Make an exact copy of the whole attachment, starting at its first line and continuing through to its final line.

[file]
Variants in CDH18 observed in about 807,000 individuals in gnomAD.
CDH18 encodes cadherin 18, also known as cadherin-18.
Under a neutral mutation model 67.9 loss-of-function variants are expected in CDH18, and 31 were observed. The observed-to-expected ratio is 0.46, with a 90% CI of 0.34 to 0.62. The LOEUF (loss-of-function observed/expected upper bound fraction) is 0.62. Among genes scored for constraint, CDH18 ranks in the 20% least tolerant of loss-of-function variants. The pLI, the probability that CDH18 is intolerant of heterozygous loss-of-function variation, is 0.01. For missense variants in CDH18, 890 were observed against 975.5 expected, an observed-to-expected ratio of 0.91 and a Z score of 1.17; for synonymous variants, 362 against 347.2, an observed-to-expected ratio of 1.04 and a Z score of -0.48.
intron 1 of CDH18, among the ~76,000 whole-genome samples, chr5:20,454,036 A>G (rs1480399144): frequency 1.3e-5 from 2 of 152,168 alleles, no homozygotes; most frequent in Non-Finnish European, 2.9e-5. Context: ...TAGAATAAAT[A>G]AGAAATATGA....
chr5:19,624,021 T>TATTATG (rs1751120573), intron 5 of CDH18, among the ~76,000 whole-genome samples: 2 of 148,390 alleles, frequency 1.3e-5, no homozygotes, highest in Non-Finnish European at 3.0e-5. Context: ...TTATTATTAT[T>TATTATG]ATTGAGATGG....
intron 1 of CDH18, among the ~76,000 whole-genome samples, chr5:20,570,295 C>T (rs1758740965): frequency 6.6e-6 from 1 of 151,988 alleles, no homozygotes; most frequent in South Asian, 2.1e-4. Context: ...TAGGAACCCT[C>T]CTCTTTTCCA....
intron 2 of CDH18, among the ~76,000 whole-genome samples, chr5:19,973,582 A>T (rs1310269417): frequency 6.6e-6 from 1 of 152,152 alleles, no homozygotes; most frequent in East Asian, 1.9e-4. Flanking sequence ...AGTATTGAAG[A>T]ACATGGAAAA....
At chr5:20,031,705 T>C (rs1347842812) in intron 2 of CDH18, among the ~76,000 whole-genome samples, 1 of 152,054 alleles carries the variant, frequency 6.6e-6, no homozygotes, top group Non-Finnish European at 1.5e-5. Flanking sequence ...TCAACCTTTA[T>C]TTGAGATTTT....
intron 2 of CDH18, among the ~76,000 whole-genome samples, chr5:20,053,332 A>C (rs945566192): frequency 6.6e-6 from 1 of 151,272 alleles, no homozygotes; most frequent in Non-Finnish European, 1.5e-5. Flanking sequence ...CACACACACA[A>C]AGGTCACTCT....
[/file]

Variants in CDH18 observed in about 807,000 individuals in gnomAD.
CDH18 encodes cadherin 18, also known as cadherin-18.
Under a neutral mutation model 67.9 loss-of-function variants are expected in CDH18, and 31 were observed. The observed-to-expected ratio is 0.46, with a 90% CI of 0.34 to 0.62. The LOEUF (loss-of-function observed/expected upper bound fraction) is 0.62. Among genes scored for constraint, CDH18 ranks in the 20% least tolerant of loss-of-function variants. The pLI, the probability that CDH18 is intolerant of heterozygous loss-of-function variation, is 0.01. For missense variants in CDH18, 890 were observed against 975.5 expected, an observed-to-expected ratio of 0.91 and a Z score of 1.17; for synonymous variants, 362 against 347.2, an observed-to-expected ratio of 1.04 and a Z score of -0.48.
intron 1 of CDH18, among the ~76,000 whole-genome samples, chr5:20,454,036 A>G (rs1480399144): frequency 1.3e-5 from 2 of 152,168 alleles, no homozygotes; most frequent in Non-Finnish European, 2.9e-5. Context: ...TAGAATAAAT[A>G]AGAAATATGA....
chr5:19,624,021 T>TATTATG (rs1751120573), intron 5 of CDH18, among the ~76,000 whole-genome samples: 2 of 148,390 alleles, frequency 1.3e-5, no homozygotes, highest in Non-Finnish European at 3.0e-5. Context: ...TTATTATTAT[T>TATTATG]ATTGAGATGG....
intron 1 of CDH18, among the ~76,000 whole-genome samples, chr5:20,570,295 C>T (rs1758740965): frequency 6.6e-6 from 1 of 151,988 alleles, no homozygotes; most frequent in South Asian, 2.1e-4. Context: ...TAGGAACCCT[C>T]CTCTTTTCCA....
intron 2 of CDH18, among the ~76,000 whole-genome samples, chr5:19,973,582 A>T (rs1310269417): frequency 6.6e-6 from 1 of 152,152 alleles, no homozygotes; most frequent in East Asian, 1.9e-4. Flanking sequence ...AGTATTGAAG[A>T]ACATGGAAAA....
At chr5:20,031,705 T>C (rs1347842812) in intron 2 of CDH18, among the ~76,000 whole-genome samples, 1 of 152,054 alleles carries the variant, frequency 6.6e-6, no homozygotes, top group Non-Finnish European at 1.5e-5. Flanking sequence ...TCAACCTTTA[T>C]TTGAGATTTT....
intron 2 of CDH18, among the ~76,000 whole-genome samples, chr5:20,053,332 A>C (rs945566192): frequency 6.6e-6 from 1 of 151,272 alleles, no homozygotes; most frequent in Non-Finnish European, 1.5e-5. Flanking sequence ...CACACACACA[A>C]AGGTCACTCT....